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  1.  2
    Toxic Funding? Conflicts of Interest and Their Epistemological Significance.Ben Almassi - 2017 - Journal of Applied Philosophy 34 (2):206-220.
    Conflict of interest disclosure has become a routine requirement in communication of scientific information. Its advocates defend COI disclosure as a sensible middle path between the extremes of categorical prohibition on for-profit research and anything-goes acceptance of research regardless of origin. To the extent that COI information is meant to aid reviewer and reader evaluation of research, COIs must be epistemologically significant. While some commentators treat COIs as always relevant to research credibility, others liken the demand for disclosure to an (...)
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  2.  1
    Critical Philosophy of Race: Beyond the USA.Albert Atkin - 2017 - Journal of Applied Philosophy 34 (2).
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  3. Connecting Applied and Theoretical Bayesian Epistemology: Data Relevance, Pragmatics, and the Legal Case of Sally Clark.J. Barker Matthew - 2017 - Journal of Applied Philosophy 34 (2):242-262.
    In this article applied and theoretical epistemologies benefit each other in a study of the British legal case of R. vs. Clark. Clark's first infant died at 11 weeks of age, in December 1996. About a year later, Clark had a second child. After that child died at eight weeks of age, Clark was tried for murdering both infants. Statisticians and philosophers have disputed how to apply Bayesian analyses to this case, and thereby arrived at different judgments about it. By (...)
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  4.  5
    Against Democracy Jason Brennan, 2016 Princeton, NJ Princeton University Press 296 Pp., £17.25. [REVIEW]Jonathan Benson - 2017 - Journal of Applied Philosophy 34 (2).
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  5. The Transfer and Delegation of Responsibilities for Genetic Offspring in Gamete Provision.Reuven Brandt - 2017 - Journal of Applied Philosophy 34 (2).
    In this article I reject the claim that the responsibilities acquired by gamete providers can be transferred to their biological children's intending parents. I defend this position by first showing that arguments in defence of the transferability of responsibilities in gamete provision cases fail to distinguish between the transfer and delegation of responsibility. I then provide an argument against the transferability of responsibilities in gamete provision cases that differs from the ones offered by James Lindemann Nelson and Rivka Weinberg. Though (...)
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  6.  3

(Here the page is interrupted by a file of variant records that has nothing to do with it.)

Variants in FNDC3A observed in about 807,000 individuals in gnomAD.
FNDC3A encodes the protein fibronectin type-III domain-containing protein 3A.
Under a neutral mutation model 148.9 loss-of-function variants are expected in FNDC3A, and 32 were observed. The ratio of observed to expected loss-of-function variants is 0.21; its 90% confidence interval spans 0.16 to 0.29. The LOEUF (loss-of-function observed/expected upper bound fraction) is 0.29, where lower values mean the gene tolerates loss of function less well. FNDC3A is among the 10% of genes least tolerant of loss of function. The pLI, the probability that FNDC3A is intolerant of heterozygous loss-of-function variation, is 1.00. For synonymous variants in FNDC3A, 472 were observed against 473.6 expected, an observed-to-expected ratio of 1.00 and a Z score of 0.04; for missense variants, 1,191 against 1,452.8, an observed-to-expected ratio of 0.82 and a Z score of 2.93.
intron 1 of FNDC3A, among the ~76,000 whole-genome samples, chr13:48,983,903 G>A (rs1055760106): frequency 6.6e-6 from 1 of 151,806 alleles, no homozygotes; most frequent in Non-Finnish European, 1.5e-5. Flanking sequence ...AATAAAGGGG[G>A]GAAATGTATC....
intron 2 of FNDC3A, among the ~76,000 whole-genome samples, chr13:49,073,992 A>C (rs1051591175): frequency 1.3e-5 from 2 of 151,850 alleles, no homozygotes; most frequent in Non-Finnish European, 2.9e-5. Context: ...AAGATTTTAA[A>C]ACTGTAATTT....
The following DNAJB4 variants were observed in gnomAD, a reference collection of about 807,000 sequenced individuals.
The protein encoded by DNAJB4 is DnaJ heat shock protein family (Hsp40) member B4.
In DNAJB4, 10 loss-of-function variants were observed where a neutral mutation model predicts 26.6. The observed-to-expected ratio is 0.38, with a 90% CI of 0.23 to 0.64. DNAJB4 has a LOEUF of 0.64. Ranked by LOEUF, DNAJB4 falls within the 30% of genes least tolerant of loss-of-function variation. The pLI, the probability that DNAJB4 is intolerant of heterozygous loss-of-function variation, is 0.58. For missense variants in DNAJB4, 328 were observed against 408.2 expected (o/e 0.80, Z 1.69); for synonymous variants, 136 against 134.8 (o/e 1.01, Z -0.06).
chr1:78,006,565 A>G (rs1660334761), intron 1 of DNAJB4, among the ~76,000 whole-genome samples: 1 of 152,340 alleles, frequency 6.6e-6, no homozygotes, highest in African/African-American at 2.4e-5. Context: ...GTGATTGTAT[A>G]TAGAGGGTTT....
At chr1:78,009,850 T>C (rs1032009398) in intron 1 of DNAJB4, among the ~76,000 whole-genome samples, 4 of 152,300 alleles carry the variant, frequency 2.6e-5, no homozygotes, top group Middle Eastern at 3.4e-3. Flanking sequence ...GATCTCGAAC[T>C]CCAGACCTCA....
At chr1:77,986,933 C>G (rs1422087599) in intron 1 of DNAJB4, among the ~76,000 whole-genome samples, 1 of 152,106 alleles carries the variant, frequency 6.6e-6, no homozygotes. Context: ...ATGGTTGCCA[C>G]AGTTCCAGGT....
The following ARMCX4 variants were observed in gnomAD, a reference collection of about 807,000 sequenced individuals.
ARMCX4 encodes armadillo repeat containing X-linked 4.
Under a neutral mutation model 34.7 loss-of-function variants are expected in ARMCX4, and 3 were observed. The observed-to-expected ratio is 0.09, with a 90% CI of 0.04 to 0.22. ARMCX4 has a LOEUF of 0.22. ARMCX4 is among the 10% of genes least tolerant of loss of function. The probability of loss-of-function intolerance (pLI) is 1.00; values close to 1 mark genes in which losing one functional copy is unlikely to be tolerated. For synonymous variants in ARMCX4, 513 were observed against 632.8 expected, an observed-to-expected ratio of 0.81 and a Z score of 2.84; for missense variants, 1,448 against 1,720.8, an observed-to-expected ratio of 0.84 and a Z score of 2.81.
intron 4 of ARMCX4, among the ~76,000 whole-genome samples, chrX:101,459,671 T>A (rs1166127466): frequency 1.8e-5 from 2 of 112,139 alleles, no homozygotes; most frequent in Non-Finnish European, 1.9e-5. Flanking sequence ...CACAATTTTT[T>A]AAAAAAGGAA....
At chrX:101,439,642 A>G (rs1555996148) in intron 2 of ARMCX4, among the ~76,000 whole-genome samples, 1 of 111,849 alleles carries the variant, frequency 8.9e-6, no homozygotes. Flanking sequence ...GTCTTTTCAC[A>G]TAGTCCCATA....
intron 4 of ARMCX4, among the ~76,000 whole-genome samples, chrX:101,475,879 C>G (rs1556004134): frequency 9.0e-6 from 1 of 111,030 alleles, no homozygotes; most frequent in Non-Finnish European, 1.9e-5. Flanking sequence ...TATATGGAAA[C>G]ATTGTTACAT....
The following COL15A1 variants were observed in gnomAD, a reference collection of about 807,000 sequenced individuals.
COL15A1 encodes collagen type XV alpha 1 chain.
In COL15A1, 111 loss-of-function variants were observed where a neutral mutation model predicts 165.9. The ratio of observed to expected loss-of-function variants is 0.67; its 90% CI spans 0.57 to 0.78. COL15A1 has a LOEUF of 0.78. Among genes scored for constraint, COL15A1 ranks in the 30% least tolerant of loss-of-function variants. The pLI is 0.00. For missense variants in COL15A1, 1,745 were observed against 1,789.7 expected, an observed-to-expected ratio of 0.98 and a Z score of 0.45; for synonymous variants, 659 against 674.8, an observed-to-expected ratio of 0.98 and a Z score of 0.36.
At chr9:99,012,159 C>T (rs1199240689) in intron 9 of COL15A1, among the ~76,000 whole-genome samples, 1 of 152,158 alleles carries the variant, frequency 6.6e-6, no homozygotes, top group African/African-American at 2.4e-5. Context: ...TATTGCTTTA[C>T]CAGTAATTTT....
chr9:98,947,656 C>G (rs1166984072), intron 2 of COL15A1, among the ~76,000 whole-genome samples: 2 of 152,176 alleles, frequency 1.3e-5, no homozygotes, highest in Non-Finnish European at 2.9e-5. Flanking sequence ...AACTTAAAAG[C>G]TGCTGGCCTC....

Autonomy, Respect, and the Rights of Persons with Disabilities in Crisis.Burch Matthew - 2017 - Journal of Applied Philosophy 34 (2).
    Article 12 of the UN Convention on the Rights of Persons with Disabilities guarantees persons with disabilities ‘the right to legal capacity on an equal basis with others in all aspects of life.’ In its General Comment on Article 12, the Committee on the Rights of Persons with Disabilities claims that this guarantee necessitates the abolition of the world's dominant approach to mental capacity law. According to this approach, when a person lacks the mental capacity to make a particular legal (...)
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  7.  4
    Introduction to Special Issue on Applied Epistemology.David Coady & Miranda Fricker - 2017 - Journal of Applied Philosophy 34 (2):153-156.
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  8.  2
    Ageing and Terminal Illness: Problems for Rawlsian Justice.Ben Davies - 2017 - Journal of Applied Philosophy 34 (2).
    This article considers attempts to include the issues of ageing and ill health in a Rawlsian framework. It first considers Norman Daniels’ Prudential Lifespan Account, which reduces intergenerational questions to issues of intrapersonal prudence from behind a Rawslian veil of ignorance. This approach faces several problems of idealisation, including those raised by Hugh Lazenby, because it must assume that everyone will live to the same age, undermining its status as a prudential calculation. I then assess Lazenby's account, which applies Rawls’ (...)
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  9.  38
    In Defence of Reasonable Doubt.Georgi Gardiner - 2017 - Journal of Applied Philosophy 34 (2):221-241.
    In criminal trials the state must establish, to a particular standard of proof, the defendant's guilt. The most widely used and important standard of proof for criminal conviction is the ‘beyond a reasonable doubt' standard. But what legitimates this standard, rather than an alternative? One view holds the standard of proof should be determined or justified – at least in large part – by its consequences. In this spirit, Laudan uses crime statistics to estimate risks the average citizen runs of (...)
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  10.  1
    Why Childhood is Bad for Children.Sarah Hannan - 2017 - Journal of Applied Philosophy 34 (2).
    This article asks whether being a child is, all things considered, good or bad for children. I defend a predicament view of childhood, which regards childhood as bad overall for children. I argue that four features of childhood make it regrettable: impaired capacity for practical reasoning, lack of an established practical identity, a need to be dominated, and profound and asymmetric vulnerability. I consider recent claims in the literature that childhood is good for children since it allows them to enjoy (...)
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  11.  2
    On Regretting Things I Didn't Do and Couldn't Have Done.Jules Holroyd - 2017 - Journal of Applied Philosophy 34 (2).